Six years younger meant I was out of the house before she hit high school. Although close as children, she became a short, stocky admirer that I didn’t have enough time for as I juggled boyfriends, girlfriends and the VVM on short trips home. She was always just out of my line of sight, quiet, and I got the sense that she spent each visit waiting for me to leave so that life could return to normal. We didn’t have much to say to each other until I moved overseas and she was in high school. We were always much closer than I was with my other sister and leaving her each time to grow older, more graceful and more beautiful always made me cry harder than I expected at goodbyes.

She moved to DC two years ago to attend graduate school. She freely morphed from little sister to friend and back again, embracing D. and bringing her into the family, sponging for dinners and movies, calling for job advice and doing liberal amounts of cat sitting/plant watering and caretaking (of the house, D and myself). She went practically everywhere with us, more than once prompting D. to groan at another lost afternoon in bed. She’ll be the first to tell you she’s good times and she is. She races from dry wit to children’s knock knock jokes indiscriminately and nearly always has a side-splitting insight on the oddity of the day.

Then, in a fit of insanity, she applied and got into law school in Arizona. So she left, packing her apartment and sending boxes to our parents. She’s always considered Tucson home and when the U of A accepted her, there was no chance she’s be staying in the Capital with us. I don’t think it sank in until we dropped her off at the airport. I handled her departure so badly I’m not entirely sure how I ever left home to begin with. Filled with older sister genes as I am, I wish I could make her stay here, or at least within driving distance. At this rate though, it looks like D. and I are going to be buying a lot of plane tickets if I ever want to see my far-side of the Rockies family.

I miss Elizabeth.

D – Dharma

Posted: 28 May 2005 in A-Z, writing
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I was raised Presbyterian. While not Scientologists or Charismatics, it has its fair share of dogma. I fought the VVM regularly every Sunday morning until I was 15 as she tried to force me into an Easter dress/Christmas velvet/Sunday best in order to sit on a hard pew and listen to a stodgy, white, straight man tell me all about God (when I turned 15 I developed a crush on a boy in Sunday School and changed my fightin’ ways). The worst years were the ones when there was no Sunday School and I had to sit through the whole sermon, thinking about my father at home mowing the lawn and everything I could be doing while I was supposed to be admitting sin and pleading forgiveness.

About the time of the crush, I got shipped off to confirmation classes weekly, a chat time with the pastor in which I was supposed to search my soul for god’s light and subsequently become a member of the church. You could describe my devotion to religion as ambivalent at best, but the reverend did nothing to help me along the path of righteousness, providing half and canned answers to my questions about sin and acceptance under the cape of Christianity. I got confirmed, but mainly because I didn’t care enough not to. Eventually, the VVM let up on demanding I go pray every Sunday.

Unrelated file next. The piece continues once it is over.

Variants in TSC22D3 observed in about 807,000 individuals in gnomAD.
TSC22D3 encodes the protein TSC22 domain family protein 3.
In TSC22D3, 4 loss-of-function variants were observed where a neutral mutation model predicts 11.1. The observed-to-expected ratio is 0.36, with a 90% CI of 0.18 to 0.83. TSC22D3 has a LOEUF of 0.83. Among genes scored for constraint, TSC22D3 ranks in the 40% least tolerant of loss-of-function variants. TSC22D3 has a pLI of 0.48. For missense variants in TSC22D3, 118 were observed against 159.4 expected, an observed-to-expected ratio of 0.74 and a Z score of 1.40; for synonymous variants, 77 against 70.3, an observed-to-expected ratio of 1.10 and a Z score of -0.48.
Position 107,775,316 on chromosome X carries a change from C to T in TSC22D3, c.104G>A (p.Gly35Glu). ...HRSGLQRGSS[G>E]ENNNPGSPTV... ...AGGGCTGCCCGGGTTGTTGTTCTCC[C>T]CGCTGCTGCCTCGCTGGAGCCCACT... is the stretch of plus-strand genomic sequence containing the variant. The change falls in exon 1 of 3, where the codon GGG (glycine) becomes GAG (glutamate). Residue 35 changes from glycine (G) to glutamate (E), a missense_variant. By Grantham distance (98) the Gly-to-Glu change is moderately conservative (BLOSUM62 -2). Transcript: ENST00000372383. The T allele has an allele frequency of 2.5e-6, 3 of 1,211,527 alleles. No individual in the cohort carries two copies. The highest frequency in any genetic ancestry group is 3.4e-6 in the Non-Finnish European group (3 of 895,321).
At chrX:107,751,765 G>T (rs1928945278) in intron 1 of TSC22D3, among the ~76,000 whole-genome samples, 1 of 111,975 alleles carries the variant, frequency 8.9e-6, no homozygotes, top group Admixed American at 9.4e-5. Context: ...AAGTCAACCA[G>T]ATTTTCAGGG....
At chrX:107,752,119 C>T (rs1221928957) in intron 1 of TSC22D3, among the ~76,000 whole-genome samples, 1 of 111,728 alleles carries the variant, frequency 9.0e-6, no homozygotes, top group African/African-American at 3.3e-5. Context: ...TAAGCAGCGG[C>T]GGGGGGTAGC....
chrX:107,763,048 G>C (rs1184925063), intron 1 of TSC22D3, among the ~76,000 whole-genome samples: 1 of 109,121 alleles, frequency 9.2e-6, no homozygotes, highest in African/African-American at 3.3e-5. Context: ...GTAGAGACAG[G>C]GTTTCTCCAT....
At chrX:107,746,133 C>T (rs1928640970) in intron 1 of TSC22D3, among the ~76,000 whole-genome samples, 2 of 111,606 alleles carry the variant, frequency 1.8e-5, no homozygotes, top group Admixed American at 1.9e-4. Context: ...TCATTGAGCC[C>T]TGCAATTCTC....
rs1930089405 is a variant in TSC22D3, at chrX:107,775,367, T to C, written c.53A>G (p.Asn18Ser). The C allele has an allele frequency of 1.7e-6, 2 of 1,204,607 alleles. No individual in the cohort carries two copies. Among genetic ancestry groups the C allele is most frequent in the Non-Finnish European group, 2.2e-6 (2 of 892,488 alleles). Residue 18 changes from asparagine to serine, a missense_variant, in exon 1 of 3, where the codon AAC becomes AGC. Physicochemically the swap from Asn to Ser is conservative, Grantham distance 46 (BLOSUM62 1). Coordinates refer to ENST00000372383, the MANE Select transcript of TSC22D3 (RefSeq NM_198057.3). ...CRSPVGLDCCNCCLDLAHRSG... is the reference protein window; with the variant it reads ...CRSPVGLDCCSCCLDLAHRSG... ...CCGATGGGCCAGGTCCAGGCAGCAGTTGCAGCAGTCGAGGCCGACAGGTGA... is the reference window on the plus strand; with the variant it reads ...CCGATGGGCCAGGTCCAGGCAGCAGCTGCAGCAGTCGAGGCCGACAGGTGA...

In college, I went to mass with my Catholic friends, mostly because I liked the singing, but also because the Catholics on campus were more laid back than the Presbyterians. I flirted briefly with the idea of converting, oddly enough because I appreciated the Catholic way of confession (accounting for actual sins committed) rather than the Presbyterian way (admitting a huge range of general sins in a group recitation each Sunday, committed or not). But the rigors of converting were too daunting and I resigned myself to being a religious floater.

But, the idea of Buddhism brought me instant peace. The fact that I could practice privately, as much as I wanted, in a quiet way was appealing to me. I explored and studied it, casually as opposed to fanatically, and tried to bend my life into its principles. On a day to day basis, I consider whether I should give in and find a local center where I can practice with others. I cope with the recognition that my wife doesn’t think my tilt to Buddhism is anything other than a convenient excuse for my laissez-faire approach to religion. I accept my family’s gentle ribbing (at least they didn’t disown me). I know though, with certainty, I am more Buddhist than I am anything else.

My wife has a cozy, personal relationship with God. She appears comfortable within religion and is able to reconcile the teachings of the Catholic church with her own life and emotions, carrying on conversations that guide and comfort her. I often wish I felt comfortable in a religion with a cadre of holy beings, ones that I could pick to pray to, light candles to, wear emblems for. But nothing compares to the peace of meditating and the lightness of acceptance and release that I reach my way.